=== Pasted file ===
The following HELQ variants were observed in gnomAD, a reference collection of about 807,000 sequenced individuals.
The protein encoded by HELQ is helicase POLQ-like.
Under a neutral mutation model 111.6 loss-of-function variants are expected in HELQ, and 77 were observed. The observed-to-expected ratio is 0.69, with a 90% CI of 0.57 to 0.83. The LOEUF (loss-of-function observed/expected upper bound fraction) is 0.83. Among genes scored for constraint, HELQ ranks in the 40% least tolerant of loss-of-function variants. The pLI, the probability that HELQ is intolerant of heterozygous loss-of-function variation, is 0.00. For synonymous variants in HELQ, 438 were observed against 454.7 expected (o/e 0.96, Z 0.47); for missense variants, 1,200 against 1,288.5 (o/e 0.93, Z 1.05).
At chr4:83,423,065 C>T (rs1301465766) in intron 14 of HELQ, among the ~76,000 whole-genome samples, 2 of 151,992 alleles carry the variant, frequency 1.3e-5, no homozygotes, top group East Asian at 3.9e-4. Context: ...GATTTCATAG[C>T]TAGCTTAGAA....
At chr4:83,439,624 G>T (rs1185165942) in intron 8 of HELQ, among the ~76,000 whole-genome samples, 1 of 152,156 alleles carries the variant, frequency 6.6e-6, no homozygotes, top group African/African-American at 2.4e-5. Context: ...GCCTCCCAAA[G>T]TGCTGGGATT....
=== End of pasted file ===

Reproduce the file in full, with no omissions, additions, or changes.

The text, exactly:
The following HELQ variants were observed in gnomAD, a reference collection of about 807,000 sequenced individuals.
The protein encoded by HELQ is helicase POLQ-like.
Under a neutral mutation model 111.6 loss-of-function variants are expected in HELQ, and 77 were observed. The observed-to-expected ratio is 0.69, with a 90% CI of 0.57 to 0.83. The LOEUF (loss-of-function observed/expected upper bound fraction) is 0.83. Among genes scored for constraint, HELQ ranks in the 40% least tolerant of loss-of-function variants. The pLI, the probability that HELQ is intolerant of heterozygous loss-of-function variation, is 0.00. For synonymous variants in HELQ, 438 were observed against 454.7 expected (o/e 0.96, Z 0.47); for missense variants, 1,200 against 1,288.5 (o/e 0.93, Z 1.05).
At chr4:83,423,065 C>T (rs1301465766) in intron 14 of HELQ, among the ~76,000 whole-genome samples, 2 of 151,992 alleles carry the variant, frequency 1.3e-5, no homozygotes, top group East Asian at 3.9e-4. Context: ...GATTTCATAG[C>T]TAGCTTAGAA....
At chr4:83,439,624 G>T (rs1185165942) in intron 8 of HELQ, among the ~76,000 whole-genome samples, 1 of 152,156 alleles carries the variant, frequency 6.6e-6, no homozygotes, top group African/African-American at 2.4e-5. Context: ...GCCTCCCAAA[G>T]TGCTGGGATT....